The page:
Linda Olson has lived in Englewood for 31 years. She is the interim dean of the Colorado Women’s College at the University of Denver and is executive director of DU’s Learning Communities and Civic Engagement Department. She is the incumbent in District 2 and is running unopposed. She was first elected in 2009 and again in 2013, and this would be the last consecutive term she could serve.
Olson has a bachelor’s degree in psychology from the University of Minnesota, a master of education degree in parks and recreation administration from the University of Minnesota and a Ph.D in communication studies from DU.
Contact: firstname.lastname@example.org or 303-789-4799
Why do you want to serve on the Englewood City Council?
It would be an honor to continue to serve Englewood District 2 and the city at large for another term. Over my years of service, I have developed a strong understanding for the multiple ways that our city must function to provide a quality of life for all. I can provide strong council continuity and vision for our newly adopted comprehensive plan and vision.
What can city council do to increase revenue sources for the city?
Our city depends on sales tax for much of its revenue. Property tax goes mainly to the county and schools. This means retail sales is our prime revenue source and volatile with the economy. We need to keep our retail business opportunities vibrant, encourage “Buy Englewood” habits and attract those outside of Englewood to spend time and resources in Englewood. But infrastructure needs are going to require more thoughtful financing whether through bonds or (public-private) partnerships. Regardless, the voters should have a say in this, and I will support ballot initiatives to help chart our economic future.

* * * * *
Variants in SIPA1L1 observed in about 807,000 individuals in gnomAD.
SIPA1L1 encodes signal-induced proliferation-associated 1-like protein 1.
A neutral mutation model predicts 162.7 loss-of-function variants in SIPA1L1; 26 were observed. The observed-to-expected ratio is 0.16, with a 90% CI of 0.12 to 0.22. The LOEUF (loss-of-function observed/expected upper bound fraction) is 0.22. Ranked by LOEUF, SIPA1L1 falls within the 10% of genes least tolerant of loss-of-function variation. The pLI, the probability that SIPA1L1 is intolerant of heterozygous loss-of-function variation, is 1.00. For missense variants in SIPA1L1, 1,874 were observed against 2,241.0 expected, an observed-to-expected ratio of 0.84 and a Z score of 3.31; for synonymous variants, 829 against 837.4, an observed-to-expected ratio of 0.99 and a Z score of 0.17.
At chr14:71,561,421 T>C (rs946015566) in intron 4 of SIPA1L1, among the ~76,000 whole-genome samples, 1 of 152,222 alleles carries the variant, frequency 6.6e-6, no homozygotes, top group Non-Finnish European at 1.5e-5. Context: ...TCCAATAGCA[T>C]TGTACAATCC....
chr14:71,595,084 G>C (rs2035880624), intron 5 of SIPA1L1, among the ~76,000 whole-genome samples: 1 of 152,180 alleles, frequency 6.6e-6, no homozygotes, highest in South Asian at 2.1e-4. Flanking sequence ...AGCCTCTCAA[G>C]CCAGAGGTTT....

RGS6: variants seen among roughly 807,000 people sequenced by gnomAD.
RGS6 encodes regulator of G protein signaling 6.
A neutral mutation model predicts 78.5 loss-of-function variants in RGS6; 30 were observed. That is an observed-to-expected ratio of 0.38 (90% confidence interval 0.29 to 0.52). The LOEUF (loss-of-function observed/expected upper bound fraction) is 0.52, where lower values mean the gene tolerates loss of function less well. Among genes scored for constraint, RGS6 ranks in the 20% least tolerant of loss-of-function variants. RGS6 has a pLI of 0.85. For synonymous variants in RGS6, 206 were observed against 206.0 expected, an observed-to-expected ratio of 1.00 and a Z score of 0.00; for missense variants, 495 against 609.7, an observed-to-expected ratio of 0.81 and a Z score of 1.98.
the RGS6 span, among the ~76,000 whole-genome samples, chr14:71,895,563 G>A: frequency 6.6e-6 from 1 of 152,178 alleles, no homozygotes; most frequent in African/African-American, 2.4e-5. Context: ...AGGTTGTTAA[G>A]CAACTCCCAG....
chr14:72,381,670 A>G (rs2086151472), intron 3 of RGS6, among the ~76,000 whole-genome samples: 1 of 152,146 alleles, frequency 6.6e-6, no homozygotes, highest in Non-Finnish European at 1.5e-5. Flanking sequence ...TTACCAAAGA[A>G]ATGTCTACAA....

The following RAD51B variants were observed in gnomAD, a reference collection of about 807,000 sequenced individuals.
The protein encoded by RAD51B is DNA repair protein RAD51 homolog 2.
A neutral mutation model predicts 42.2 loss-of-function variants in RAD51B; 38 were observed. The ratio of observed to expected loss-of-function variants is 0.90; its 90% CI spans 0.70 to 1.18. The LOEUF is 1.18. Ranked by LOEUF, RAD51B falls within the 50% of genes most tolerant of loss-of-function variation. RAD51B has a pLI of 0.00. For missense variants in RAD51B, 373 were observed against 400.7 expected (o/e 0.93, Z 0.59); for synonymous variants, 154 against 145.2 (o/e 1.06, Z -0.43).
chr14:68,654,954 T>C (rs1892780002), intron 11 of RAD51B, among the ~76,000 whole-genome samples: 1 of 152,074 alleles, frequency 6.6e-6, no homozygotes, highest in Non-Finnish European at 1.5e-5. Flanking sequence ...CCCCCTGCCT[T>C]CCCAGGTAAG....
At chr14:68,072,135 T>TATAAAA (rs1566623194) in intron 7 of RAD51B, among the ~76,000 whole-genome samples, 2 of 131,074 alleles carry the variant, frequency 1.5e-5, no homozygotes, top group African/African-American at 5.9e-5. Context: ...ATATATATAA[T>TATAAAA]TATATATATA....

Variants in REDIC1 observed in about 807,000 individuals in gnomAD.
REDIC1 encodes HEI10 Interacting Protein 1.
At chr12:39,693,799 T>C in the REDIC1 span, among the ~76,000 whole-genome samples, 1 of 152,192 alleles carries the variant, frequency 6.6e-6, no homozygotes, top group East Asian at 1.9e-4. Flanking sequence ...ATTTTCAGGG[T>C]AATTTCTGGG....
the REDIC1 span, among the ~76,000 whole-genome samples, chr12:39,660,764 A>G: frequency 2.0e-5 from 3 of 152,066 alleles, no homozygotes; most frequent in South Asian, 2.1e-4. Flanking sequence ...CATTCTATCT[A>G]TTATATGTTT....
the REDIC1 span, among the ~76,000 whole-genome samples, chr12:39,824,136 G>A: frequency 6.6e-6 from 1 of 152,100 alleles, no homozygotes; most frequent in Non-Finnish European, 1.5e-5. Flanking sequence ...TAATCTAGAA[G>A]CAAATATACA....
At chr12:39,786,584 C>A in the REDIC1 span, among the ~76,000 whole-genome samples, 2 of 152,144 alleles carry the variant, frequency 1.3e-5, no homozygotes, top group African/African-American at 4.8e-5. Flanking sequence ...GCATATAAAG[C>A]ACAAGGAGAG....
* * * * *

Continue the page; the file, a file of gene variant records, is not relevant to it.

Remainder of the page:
Amid rising housing prices, what can city council do to ensure young families are not priced out of Englewood?
We need to continue a balance of accessibly priced housing and home ownership-friendly policies. Affordable housing is relative to jobs and income, so attracting jobs with more than livable wages will help our residents live, work and play here. Encouraging home renovations and incentives to help families stay in Englewood will also stabilize the market and prevent a transient renters’ market.
What types of crime most need to be addressed in the city and what can be done?
Theft and robbery are the most common crimes in our city. While we can do more to prevent crimes of opportunity with education and awareness, this kind of crime often occurs due to economic stress and drug-related activity. Adding more police officers is important, along with a social-service approach. I would like to see us add a social worker to our police department who can help with prevention and treatment approaches that are more long-term.
What two issues need more attention than the current city council has given them?
(What) perplexes me most is how to approach and care for (the) homeless. Englewood does not have health and human services (facilities) like our larger neighbors. We need to seek services from the county and state and develop a … plan that includes businesses, faith communities, neighbors and city offices. All cities are dealing with … infrastructure needs. Roads, bridges, water/sewer, storm drainage and parks amenities require large-scale funding. We have done a great job … year by year for the most pressing ... It is time for a longer-term plan … for which Englewood residents can weigh in.